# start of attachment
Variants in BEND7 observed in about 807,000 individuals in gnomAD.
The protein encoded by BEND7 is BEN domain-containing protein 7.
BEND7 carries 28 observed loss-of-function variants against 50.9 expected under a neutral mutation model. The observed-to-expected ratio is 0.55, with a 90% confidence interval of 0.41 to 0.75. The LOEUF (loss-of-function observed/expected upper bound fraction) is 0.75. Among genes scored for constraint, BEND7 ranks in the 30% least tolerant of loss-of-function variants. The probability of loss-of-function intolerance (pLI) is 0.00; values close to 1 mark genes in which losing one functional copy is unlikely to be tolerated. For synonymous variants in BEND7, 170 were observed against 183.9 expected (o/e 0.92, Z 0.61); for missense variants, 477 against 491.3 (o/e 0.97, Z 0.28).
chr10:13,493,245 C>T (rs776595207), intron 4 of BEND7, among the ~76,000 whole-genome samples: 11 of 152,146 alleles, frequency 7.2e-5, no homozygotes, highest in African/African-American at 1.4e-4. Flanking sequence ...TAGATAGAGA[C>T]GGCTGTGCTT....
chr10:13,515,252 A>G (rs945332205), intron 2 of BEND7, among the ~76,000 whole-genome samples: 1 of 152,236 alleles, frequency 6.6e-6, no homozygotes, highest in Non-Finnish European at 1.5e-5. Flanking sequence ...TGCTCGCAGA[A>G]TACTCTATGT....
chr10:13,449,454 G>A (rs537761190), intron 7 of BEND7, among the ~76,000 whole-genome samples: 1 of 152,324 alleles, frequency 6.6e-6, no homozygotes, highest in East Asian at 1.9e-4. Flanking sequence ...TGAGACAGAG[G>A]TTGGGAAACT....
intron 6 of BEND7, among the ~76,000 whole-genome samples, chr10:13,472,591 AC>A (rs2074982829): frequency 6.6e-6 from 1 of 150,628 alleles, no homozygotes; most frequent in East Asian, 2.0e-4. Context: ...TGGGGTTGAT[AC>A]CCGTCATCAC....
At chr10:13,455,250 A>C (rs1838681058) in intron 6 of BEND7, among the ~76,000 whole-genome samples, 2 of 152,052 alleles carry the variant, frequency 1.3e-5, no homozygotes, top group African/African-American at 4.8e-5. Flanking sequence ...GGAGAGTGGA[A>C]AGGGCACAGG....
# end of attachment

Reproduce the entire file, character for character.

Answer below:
Variants in BEND7 observed in about 807,000 individuals in gnomAD.
The protein encoded by BEND7 is BEN domain-containing protein 7.
BEND7 carries 28 observed loss-of-function variants against 50.9 expected under a neutral mutation model. The observed-to-expected ratio is 0.55, with a 90% confidence interval of 0.41 to 0.75. The LOEUF (loss-of-function observed/expected upper bound fraction) is 0.75. Among genes scored for constraint, BEND7 ranks in the 30% least tolerant of loss-of-function variants. The probability of loss-of-function intolerance (pLI) is 0.00; values close to 1 mark genes in which losing one functional copy is unlikely to be tolerated. For synonymous variants in BEND7, 170 were observed against 183.9 expected (o/e 0.92, Z 0.61); for missense variants, 477 against 491.3 (o/e 0.97, Z 0.28).
chr10:13,493,245 C>T (rs776595207), intron 4 of BEND7, among the ~76,000 whole-genome samples: 11 of 152,146 alleles, frequency 7.2e-5, no homozygotes, highest in African/African-American at 1.4e-4. Flanking sequence ...TAGATAGAGA[C>T]GGCTGTGCTT....
chr10:13,515,252 A>G (rs945332205), intron 2 of BEND7, among the ~76,000 whole-genome samples: 1 of 152,236 alleles, frequency 6.6e-6, no homozygotes, highest in Non-Finnish European at 1.5e-5. Flanking sequence ...TGCTCGCAGA[A>G]TACTCTATGT....
chr10:13,449,454 G>A (rs537761190), intron 7 of BEND7, among the ~76,000 whole-genome samples: 1 of 152,324 alleles, frequency 6.6e-6, no homozygotes, highest in East Asian at 1.9e-4. Flanking sequence ...TGAGACAGAG[G>A]TTGGGAAACT....
intron 6 of BEND7, among the ~76,000 whole-genome samples, chr10:13,472,591 AC>A (rs2074982829): frequency 6.6e-6 from 1 of 150,628 alleles, no homozygotes; most frequent in East Asian, 2.0e-4. Context: ...TGGGGTTGAT[AC>A]CCGTCATCAC....
At chr10:13,455,250 A>C (rs1838681058) in intron 6 of BEND7, among the ~76,000 whole-genome samples, 2 of 152,052 alleles carry the variant, frequency 1.3e-5, no homozygotes, top group African/African-American at 4.8e-5. Flanking sequence ...GGAGAGTGGA[A>C]AGGGCACAGG....